• I think I will discuss the proper response to the modernists when I post, soon, an excellent review of Stern’s two Yale colleges by Mark Alan Hewitt on Common/Edge. Is it better to gently criticize in the hope of seeking to moderate the modernists’ hatred of tradition, or is it better to criticize strenuously under the assumption that the modernists aren’t listening anyway, and you are trying to persuade the rest of the world? Good question! In fact, critiques of every sort are inevitable, so if you disagree with one strategy, be sure that someone else will be pursuing the other.

      Like

  3. steve bass says:

    Just a slight word of correction – Henry Reed and Arthur Ross founded Classical America, I believe back in the 60’s, in part as a reaction to the demo of Penn station, but the ICAA was founded separately in 1991 by Don Rattner and Richard Cameron, and later merged with CA, with HHR’s approval.
    Looking forward to your review of Curl’s book – beyond the savage critique of Modernism it raises all kinds of interesting questions about the future of architectural aesthetics.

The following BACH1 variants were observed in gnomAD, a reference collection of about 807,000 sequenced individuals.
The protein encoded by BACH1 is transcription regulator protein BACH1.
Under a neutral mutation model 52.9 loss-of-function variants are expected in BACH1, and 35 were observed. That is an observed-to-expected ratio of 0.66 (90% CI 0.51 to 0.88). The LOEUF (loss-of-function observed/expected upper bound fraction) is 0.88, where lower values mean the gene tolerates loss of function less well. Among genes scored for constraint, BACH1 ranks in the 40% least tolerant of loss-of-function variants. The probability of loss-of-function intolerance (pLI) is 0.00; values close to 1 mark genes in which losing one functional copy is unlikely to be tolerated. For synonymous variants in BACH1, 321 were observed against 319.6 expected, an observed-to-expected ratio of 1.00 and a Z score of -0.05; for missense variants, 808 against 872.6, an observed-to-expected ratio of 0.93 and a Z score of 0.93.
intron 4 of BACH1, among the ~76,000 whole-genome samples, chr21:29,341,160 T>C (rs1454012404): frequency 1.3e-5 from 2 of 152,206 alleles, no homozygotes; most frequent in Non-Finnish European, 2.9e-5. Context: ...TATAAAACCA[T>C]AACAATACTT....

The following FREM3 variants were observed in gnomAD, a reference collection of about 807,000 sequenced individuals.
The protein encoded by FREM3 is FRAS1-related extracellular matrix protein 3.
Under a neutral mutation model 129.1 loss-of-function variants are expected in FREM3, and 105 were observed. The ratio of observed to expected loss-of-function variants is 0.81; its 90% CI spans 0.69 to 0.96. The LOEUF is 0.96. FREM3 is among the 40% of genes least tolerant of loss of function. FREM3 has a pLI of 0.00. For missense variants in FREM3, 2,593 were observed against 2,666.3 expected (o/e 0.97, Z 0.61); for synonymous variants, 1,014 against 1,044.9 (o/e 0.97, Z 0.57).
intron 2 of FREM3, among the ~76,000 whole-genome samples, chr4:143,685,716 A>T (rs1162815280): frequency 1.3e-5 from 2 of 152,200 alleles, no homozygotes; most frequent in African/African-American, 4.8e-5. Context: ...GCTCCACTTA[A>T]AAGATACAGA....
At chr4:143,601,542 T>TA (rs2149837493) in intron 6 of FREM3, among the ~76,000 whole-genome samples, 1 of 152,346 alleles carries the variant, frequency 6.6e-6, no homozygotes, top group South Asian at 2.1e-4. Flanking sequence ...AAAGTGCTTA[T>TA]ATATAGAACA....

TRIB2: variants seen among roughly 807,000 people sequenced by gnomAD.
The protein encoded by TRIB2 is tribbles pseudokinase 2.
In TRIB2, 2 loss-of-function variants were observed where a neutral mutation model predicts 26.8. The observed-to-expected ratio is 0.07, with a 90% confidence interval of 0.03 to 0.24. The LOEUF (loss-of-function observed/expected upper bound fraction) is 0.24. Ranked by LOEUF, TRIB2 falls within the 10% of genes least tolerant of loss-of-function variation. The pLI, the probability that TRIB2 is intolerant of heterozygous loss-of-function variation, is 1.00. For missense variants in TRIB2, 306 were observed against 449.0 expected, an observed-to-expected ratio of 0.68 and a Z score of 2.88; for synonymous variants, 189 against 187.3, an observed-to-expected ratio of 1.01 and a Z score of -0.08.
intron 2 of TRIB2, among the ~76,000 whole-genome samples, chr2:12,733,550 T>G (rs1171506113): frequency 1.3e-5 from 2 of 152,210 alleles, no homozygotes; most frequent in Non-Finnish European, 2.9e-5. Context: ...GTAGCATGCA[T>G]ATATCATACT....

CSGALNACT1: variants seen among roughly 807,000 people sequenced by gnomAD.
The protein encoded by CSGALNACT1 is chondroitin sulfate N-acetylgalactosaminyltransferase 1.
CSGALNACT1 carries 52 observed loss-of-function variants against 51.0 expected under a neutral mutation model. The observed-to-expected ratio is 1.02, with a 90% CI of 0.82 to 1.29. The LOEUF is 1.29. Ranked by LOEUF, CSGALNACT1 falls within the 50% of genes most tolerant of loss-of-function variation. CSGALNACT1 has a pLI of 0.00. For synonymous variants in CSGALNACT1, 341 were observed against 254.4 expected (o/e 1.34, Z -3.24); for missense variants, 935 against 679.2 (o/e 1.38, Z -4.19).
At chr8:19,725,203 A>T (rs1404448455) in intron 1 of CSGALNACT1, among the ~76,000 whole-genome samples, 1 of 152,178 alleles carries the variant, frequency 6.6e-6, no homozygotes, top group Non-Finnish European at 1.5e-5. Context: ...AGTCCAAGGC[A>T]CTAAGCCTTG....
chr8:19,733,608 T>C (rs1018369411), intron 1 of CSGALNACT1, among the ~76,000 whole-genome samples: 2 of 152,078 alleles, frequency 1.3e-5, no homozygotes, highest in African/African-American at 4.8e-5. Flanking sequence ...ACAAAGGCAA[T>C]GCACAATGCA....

Like

    • Steve, you are not the only one who found my abbreviation of that history (of which I am very well aware) too abbreviated! No less a personage than Henry Reed’s nephew, Andrew Reed, kindly reminded me of the same history.

      Like

  4. There was a hack job review of the book in the Spectator a while back: https://www.spectator.co.uk/2018/08/modernist-architecture-isnt-barbarous-but-the-blinkered-rejection-of-it-is/
    The modernists will never give up, they’re intent on destroying all that is still good on this earth.

    Like

    • Erik Bootsma says:

      I wonder if Bayley actually read the book, since every one of his substantive charges is refuted in the text. As for the unsubstantiated ones they’re just plain trash.

      I note that Bayley appears to live in a Georgian house himself, yet constantly tells us how great it is to live in glass.

      Like

Leave a Reply

Fill in your details below or click an icon to log in:

WordPress.com Logo

You are commenting using your WordPress.com account. Log Out /  Change )

Google+ photo

You are commenting using your Google+ account. Log Out /  Change )

Twitter picture

You are commenting using your Twitter account. Log Out /  Change )

Facebook photo

You are commenting using your Facebook account. Log Out /  Change )

Connecting to %s